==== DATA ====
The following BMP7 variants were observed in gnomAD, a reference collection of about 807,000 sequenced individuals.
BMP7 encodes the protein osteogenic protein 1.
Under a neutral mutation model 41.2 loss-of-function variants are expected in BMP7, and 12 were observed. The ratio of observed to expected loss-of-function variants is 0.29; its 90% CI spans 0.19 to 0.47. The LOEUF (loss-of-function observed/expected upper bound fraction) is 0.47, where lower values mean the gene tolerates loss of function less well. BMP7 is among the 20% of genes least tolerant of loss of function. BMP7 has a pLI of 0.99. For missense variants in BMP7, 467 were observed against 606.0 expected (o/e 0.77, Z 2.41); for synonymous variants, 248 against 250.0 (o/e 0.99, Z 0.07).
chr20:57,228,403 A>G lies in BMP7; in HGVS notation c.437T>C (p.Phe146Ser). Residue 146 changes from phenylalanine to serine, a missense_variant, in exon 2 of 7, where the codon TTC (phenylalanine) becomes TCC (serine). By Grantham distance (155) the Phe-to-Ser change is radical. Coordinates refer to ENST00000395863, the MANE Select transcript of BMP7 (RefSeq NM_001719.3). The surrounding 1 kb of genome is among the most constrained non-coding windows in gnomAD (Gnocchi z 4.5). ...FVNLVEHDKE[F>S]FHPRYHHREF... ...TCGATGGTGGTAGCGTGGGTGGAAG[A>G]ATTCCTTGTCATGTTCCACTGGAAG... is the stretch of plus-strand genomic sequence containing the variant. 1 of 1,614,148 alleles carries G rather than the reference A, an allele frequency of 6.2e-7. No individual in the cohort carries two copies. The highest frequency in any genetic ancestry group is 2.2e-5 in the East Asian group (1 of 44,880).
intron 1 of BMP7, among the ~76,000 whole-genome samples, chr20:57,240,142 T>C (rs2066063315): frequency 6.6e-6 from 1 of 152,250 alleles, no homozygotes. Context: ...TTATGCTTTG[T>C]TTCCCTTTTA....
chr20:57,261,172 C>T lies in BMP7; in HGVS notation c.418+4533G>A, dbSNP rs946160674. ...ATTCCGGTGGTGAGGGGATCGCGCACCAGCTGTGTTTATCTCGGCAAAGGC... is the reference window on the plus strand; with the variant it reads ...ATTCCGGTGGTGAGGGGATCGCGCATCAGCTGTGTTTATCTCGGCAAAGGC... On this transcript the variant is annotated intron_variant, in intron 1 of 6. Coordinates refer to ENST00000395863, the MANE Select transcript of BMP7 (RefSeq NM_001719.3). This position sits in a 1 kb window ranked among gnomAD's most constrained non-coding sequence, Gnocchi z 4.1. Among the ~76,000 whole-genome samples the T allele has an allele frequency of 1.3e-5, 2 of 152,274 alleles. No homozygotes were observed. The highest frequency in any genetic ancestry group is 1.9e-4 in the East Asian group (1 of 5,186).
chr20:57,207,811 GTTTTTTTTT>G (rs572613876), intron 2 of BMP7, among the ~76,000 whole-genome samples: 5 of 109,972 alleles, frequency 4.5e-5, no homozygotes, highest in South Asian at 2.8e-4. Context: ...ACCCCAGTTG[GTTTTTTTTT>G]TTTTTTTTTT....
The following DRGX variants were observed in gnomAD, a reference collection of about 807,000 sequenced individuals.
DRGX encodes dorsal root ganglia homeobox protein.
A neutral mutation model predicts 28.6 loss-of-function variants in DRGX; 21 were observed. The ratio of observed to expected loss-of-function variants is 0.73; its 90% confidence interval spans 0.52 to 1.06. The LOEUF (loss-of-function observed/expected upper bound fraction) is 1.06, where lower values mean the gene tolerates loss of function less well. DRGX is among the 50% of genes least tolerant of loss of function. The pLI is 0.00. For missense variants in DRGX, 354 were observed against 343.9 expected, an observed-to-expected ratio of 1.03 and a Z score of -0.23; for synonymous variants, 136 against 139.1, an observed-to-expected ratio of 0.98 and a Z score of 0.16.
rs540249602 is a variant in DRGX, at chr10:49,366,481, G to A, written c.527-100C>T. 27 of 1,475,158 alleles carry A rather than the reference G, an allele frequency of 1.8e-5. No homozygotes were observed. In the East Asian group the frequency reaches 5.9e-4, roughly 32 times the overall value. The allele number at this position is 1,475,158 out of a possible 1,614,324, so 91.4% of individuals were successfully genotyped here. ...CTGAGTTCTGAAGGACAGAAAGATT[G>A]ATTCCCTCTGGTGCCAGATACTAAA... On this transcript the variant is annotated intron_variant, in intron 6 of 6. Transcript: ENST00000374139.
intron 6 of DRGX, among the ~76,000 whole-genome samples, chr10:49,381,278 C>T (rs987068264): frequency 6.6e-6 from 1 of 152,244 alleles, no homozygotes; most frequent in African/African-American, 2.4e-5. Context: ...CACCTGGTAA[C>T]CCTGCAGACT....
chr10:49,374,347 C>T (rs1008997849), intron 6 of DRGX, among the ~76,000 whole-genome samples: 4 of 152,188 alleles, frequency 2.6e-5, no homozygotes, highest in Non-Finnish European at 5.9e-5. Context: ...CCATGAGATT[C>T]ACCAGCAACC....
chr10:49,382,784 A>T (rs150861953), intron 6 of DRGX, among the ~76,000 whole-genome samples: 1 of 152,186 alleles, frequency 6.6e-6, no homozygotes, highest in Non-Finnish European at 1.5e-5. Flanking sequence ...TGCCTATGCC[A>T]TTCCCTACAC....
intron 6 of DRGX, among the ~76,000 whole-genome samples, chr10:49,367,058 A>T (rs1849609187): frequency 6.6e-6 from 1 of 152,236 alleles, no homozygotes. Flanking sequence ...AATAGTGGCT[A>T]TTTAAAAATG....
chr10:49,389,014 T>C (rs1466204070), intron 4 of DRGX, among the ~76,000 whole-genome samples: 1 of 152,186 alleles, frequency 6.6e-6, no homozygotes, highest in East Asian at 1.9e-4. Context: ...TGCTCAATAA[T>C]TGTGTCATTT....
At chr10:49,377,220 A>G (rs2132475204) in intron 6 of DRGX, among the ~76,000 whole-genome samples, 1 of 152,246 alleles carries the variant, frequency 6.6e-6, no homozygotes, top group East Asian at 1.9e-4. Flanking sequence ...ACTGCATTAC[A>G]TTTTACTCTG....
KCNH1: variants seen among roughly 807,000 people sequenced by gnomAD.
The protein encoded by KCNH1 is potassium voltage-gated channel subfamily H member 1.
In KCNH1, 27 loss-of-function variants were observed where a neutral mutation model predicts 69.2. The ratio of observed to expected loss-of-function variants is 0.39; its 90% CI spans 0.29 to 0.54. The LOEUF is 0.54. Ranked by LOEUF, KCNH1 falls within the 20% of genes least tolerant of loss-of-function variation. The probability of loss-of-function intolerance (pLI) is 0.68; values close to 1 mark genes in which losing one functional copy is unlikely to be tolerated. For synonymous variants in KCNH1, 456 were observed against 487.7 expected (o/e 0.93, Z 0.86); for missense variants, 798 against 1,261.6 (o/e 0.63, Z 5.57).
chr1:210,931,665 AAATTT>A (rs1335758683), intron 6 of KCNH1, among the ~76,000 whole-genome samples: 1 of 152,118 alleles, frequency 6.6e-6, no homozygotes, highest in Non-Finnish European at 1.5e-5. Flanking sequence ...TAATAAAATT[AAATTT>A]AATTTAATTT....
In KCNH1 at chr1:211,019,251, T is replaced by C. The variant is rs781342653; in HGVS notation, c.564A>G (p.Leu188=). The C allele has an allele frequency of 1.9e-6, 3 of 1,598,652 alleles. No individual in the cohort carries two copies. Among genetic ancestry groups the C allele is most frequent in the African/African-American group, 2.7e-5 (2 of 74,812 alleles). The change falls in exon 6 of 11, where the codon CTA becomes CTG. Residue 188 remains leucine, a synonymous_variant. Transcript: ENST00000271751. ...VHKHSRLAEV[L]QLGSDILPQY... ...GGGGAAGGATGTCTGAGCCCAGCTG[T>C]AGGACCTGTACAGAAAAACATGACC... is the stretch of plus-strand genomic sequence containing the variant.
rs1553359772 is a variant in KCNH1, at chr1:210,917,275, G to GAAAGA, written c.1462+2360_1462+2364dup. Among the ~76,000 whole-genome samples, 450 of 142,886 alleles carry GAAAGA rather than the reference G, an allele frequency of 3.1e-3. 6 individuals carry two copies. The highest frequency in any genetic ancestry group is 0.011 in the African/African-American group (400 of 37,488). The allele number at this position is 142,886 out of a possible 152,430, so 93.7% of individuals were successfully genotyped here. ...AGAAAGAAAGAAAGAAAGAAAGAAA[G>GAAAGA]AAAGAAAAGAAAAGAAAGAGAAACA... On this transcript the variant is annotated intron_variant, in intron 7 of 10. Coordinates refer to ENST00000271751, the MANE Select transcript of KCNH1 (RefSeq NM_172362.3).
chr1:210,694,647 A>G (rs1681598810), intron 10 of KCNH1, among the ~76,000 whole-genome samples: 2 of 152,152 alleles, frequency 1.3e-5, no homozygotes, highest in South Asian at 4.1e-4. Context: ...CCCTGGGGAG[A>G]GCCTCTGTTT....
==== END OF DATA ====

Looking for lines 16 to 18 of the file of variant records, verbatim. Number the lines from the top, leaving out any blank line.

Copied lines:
chr10:49,389,014 T>C (rs1466204070), intron 4 of DRGX, among the ~76,000 whole-genome samples: 1 of 152,186 alleles, frequency 6.6e-6, no homozygotes, highest in East Asian at 1.9e-4. Context: ...TGCTCAATAA[T>C]TGTGTCATTT....
At chr10:49,377,220 A>G (rs2132475204) in intron 6 of DRGX, among the ~76,000 whole-genome samples, 1 of 152,246 alleles carries the variant, frequency 6.6e-6, no homozygotes, top group East Asian at 1.9e-4. Flanking sequence ...ACTGCATTAC[A>G]TTTTACTCTG....
KCNH1: variants seen among roughly 807,000 people sequenced by gnomAD.